Fraud Alleged with Particularity in Federal Court Talkov Law

Fraud Must be Alleged with Particularity in Federal & Bankruptcy Court [FRCP 9(b)]

Requirements for Alleging Fraud in Federal & Bankruptcy Court Because “fraud is a serious charge, easy to allege and hard to prove” (In re Doctors Hosp. of Hyde Park, Inc., 308 B.R. 311, 322 (Bankr. N.D. Ill. 2004)), Federal Rules of Civil Procedure Rule 9(b) imposes the requirement on plaintiffs to allege fraud with particularity … Read More

Fraudulent Transfer Conveyance California UFTA Attorney

Fraudulent Transfers – The Ultimate Guide to the California UFTA

What is a “Fraudulent” Transfer in California? A judgment is merely a piece of paper signed by a court that allows a creditor to take the debtor’s assets or to force a debtor to pay the debt from their income. Some judgment debtors, realizing that judgment collection methods will allow the creditor to take their assets, … Read More

ponzi-scheme-bankruptcy-fraudulent-transfer

Ponzi Scheme Defenses to Fraudulent Transfers in Bankruptcy

Fraudulent Transfers in Bankruptcy – Adversary Proceedings Fraudulent transfers are one type of adversary proceeding in bankruptcy in which the trustee attempts to recover property for the benefit of the creditors of the debtor’s estate. A full discussion on fraudulent transfer actions can be found on our blog post on Fraudulent Transfers in Bankruptcy. In … Read More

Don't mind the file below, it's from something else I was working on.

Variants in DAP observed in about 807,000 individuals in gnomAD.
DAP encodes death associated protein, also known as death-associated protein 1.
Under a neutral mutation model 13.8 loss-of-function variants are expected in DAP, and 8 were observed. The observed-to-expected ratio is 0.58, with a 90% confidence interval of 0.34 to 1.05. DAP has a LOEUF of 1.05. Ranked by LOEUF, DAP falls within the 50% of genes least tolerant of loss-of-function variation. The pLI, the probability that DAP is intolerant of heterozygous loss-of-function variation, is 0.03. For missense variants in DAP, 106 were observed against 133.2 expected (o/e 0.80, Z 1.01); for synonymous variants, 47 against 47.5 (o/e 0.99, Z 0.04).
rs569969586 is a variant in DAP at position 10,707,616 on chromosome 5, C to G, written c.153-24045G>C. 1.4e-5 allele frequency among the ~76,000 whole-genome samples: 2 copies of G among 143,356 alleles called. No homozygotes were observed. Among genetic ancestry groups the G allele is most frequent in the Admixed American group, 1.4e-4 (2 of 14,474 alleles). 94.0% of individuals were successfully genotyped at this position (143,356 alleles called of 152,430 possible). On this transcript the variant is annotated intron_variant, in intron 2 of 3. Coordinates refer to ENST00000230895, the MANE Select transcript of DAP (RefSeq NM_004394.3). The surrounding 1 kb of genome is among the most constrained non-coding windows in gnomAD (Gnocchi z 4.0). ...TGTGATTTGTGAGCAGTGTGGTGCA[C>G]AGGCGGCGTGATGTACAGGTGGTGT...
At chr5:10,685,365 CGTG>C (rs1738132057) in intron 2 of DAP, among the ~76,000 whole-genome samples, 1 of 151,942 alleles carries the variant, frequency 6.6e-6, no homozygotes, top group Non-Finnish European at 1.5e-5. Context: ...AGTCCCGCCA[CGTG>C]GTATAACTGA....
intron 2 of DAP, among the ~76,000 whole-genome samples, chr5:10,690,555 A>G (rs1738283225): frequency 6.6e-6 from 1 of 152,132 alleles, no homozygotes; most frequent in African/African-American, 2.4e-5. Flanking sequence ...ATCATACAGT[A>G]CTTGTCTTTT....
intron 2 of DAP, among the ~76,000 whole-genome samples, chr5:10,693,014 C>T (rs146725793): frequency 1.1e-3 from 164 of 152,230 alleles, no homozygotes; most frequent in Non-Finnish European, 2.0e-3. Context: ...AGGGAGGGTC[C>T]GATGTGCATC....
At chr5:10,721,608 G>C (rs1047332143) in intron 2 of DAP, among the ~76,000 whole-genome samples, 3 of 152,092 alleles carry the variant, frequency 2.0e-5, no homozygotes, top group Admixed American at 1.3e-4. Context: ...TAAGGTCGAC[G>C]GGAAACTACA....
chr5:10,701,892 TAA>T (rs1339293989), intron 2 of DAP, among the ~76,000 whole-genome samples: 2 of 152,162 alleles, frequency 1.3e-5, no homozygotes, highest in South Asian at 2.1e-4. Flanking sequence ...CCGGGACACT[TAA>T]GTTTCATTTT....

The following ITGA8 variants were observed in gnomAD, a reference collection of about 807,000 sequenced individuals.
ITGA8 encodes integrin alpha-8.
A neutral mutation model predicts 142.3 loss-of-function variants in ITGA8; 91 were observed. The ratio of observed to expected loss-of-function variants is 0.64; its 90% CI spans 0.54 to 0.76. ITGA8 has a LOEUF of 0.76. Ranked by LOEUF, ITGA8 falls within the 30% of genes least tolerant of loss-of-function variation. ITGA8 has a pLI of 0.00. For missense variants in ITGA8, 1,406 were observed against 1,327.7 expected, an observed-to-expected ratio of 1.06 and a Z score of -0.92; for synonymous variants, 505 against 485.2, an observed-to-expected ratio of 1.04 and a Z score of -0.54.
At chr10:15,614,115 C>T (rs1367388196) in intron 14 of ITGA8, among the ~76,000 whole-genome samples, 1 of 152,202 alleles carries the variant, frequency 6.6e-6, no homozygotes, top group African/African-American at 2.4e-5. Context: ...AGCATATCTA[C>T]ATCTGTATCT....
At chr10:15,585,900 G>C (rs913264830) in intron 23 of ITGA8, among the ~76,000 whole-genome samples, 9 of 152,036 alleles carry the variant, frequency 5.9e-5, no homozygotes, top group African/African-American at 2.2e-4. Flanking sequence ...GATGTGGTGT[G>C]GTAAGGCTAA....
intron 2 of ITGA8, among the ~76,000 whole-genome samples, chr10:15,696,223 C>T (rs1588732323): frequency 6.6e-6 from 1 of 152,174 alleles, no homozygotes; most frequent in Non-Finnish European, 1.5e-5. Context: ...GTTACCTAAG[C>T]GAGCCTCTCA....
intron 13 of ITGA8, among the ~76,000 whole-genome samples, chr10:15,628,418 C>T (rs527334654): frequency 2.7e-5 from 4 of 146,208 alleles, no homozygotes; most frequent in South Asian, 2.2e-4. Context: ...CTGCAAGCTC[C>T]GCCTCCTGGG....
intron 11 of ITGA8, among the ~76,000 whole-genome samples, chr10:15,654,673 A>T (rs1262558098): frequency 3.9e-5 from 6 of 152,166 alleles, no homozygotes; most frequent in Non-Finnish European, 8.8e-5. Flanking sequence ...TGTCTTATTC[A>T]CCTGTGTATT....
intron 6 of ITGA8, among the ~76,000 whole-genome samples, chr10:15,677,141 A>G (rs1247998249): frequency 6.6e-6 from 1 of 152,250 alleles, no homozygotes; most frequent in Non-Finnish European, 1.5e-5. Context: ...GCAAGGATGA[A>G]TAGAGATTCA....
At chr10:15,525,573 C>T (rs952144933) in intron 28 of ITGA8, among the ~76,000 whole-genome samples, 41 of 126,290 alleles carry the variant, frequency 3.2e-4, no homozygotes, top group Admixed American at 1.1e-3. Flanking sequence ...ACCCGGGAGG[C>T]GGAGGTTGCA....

Bankruptcy Fraudulent Transfer Attorney California

Fraudulent Transfers in California Bankruptcy [11 USC 548]

What is a Fraudulent Conveyance / Fraudulent Transfer? When a debtor filed a bankruptcy, an estate is created composed of all of the debtor’s rights in property. Among those rights is the ability to set aside transfers for less than fair market value. Indeed, sometimes debtors who realize they will be filing bankruptcy think it … Read More

Mejia v. Reed Fraudulent Transfer Transmutation (Post-Nuptial) Agreements California Law

Mejia v. Reed – Fraudulent Transfer Transmutation (Post-Nuptial) Agreements under California Law

Often times, divorcing couples decide to allocate their assets by a stipulated marital settlement agreement (MSA) that provides a property division that may not be entirely equal. Creditors, either those during the marriage or those post-separation owed only from the assets of one of the spouses may challenge the transaction as a fraudulent transfer, effectively … Read More

Non-Dischargeability IIntentional Fraudulent Transfer Bankruptcy California Law Attorney

Non-Dischargeability of Intentional Fraudulent Transfer

When an fraudulent transfer occurs before a debtor files for protection under the United States Bankruptcy Code, creditors must promptly protect their rights to ensure that the bankruptcy does not discharge the debtor’s liability for their fraudulent transfer or the underlying debt.

Contact us to schedule your complimentary consultation.

Recent Blog Posts